On Facebook last week there was a post reminiscing the good old days when Tupelo had a water park of some kind.
Tupelo natives – of which I am not – talked about Grady’s having a water slide, miniature golf course and go-cart track back in the day.
So, fans commented, why not have something like that again?
Indeed, why not?
Tupelo does have a fantastic new aquatic center. And there’s a splash pad nearby, all in Veterans Park.
The popularity of water parks has waxed and waned over the years, and they’re typically built and experienced in big tourist spots like Orlando.
An exception to that would be Geyser Falls in Philadelphia – Mississippi, not Pennsylvania. Splash Adventure in Birmingham is nearby as well.
In Vicksburg back in the early 1980s was Cannonball Park. It had two winding water slides – with actual cannons near the top of the slides – going down a hill on Frontage Road. It had a snack bar and video games, of course.
One problem though: The slides were made of cement. Not the smooth fiberglass that was much more forgiving. I’m convinced that one reason Cannonball Park closed was because of the bumps and bruises that escaped few, if any, park-goers.
I’m pretty sure I still have a few scars and permanent knots from many trips to the Cannonball Park.
In the Jackson area, however, were two huge, massively popular (at least for a few years) water parks – Waterland USA and Rapids on the Reservoir. They co-existed for a few years: Rapids opened in 1984 and closed seven years ago; Waterland operated from 1987 to 1995.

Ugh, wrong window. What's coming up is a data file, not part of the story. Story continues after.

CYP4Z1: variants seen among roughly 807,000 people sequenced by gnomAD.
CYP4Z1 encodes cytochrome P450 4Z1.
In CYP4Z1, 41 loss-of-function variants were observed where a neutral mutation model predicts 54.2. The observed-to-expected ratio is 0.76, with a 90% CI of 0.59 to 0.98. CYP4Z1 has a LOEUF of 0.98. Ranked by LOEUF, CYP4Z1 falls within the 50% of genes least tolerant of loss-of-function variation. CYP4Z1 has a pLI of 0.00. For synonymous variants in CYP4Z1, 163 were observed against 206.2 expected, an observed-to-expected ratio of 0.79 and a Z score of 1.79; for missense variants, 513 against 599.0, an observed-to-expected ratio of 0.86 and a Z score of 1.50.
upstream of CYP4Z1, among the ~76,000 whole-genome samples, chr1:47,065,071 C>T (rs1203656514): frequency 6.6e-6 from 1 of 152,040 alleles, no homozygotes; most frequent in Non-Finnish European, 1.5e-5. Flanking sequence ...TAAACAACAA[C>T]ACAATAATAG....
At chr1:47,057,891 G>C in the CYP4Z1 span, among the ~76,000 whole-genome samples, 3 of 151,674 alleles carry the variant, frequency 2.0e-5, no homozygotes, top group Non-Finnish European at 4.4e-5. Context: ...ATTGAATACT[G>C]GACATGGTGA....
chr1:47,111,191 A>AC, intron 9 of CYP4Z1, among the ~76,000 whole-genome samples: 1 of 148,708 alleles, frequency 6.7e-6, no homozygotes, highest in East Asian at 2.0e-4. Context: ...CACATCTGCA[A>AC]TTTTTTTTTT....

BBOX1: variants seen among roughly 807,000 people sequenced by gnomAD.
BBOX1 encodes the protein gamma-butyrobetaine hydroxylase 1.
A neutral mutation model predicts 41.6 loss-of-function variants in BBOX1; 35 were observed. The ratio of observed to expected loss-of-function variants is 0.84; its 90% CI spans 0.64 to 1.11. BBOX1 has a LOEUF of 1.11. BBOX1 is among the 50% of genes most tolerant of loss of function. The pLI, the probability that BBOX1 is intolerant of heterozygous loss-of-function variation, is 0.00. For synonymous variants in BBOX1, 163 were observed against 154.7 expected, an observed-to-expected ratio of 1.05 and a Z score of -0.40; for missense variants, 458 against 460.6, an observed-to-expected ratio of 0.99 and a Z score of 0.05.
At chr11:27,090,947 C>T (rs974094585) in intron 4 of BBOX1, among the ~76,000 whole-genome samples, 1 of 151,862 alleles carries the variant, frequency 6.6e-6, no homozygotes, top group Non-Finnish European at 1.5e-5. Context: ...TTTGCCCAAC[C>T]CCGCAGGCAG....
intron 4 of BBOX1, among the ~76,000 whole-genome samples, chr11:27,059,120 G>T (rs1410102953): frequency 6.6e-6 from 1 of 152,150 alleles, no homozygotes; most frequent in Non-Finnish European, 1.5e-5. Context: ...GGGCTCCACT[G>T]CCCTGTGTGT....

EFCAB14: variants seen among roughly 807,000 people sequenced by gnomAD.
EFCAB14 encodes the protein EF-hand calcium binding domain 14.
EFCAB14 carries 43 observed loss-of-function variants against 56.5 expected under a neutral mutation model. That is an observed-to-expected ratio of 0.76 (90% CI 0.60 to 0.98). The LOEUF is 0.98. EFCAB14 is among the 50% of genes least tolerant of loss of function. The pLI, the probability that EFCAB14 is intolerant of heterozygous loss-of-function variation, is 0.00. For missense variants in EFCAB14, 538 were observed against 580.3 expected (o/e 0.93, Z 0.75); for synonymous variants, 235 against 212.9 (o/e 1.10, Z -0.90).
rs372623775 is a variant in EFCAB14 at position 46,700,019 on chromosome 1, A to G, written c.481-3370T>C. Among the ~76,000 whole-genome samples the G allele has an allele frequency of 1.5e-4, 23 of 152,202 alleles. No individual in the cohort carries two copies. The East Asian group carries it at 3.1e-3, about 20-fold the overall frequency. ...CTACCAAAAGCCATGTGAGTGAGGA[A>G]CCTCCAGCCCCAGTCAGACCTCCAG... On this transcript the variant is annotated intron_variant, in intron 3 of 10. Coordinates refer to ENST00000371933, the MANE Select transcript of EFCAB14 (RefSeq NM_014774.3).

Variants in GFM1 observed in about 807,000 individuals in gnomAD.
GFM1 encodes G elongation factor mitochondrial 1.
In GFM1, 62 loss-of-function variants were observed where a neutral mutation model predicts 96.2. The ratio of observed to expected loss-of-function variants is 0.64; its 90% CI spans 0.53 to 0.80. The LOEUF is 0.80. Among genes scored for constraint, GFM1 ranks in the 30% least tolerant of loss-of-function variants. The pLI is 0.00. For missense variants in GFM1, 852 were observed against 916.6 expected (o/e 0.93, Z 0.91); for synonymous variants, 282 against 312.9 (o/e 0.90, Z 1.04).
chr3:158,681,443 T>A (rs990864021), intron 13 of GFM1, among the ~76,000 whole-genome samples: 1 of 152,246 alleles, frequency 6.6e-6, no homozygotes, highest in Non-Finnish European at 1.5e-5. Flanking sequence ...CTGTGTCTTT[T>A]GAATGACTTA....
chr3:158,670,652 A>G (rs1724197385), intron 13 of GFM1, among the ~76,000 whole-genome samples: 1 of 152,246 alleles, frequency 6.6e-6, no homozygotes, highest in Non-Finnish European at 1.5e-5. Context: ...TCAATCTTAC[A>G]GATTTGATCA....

Rapids was home to the first gutterless wave pool in the U.S. Yeah, it was pretty awesome.
Now if you’ve been to places like Wet ‘N’ Wild in Orlando or Aquatica at SeaWorld … well, don’t ever expect anything like that around here.
Building a water park isn’t cheap. Neither is operating and maintaining one. Imagine the insurance costs associated with having one.
There would have to be a strong enough market for one to succeed in Tupelo or anywhere in Northeast Mississippi. The number of people to support one is probably sufficient, but how affordable would a Tupelo water park be for attendees?
Here’s a sampling of other prices: Geyser Falls is $35 for folks 48 inches and higher; $25 or those under 48 inches. Add $5 each on Saturday.
Children 3 and under are free. Splash Adventure is $30 for 18 to 54 year olds, $20 for children 3 to 6, and $25 for youth 7 to 17 and seniors 55 and older. Toddlers are free.
Both places offer season passes as well.
Are those prices reasonable enough for folks in Tupelo and Northeast Mississippi who would flock to a water park?
That, of course, depends on what features are available at the park.
So now it’s time to find a developer – or several – willing to bankroll the project.
But please, no concrete slides.
Contact Dennis Seid at (662) 678-1578 or firstname.lastname@example.org.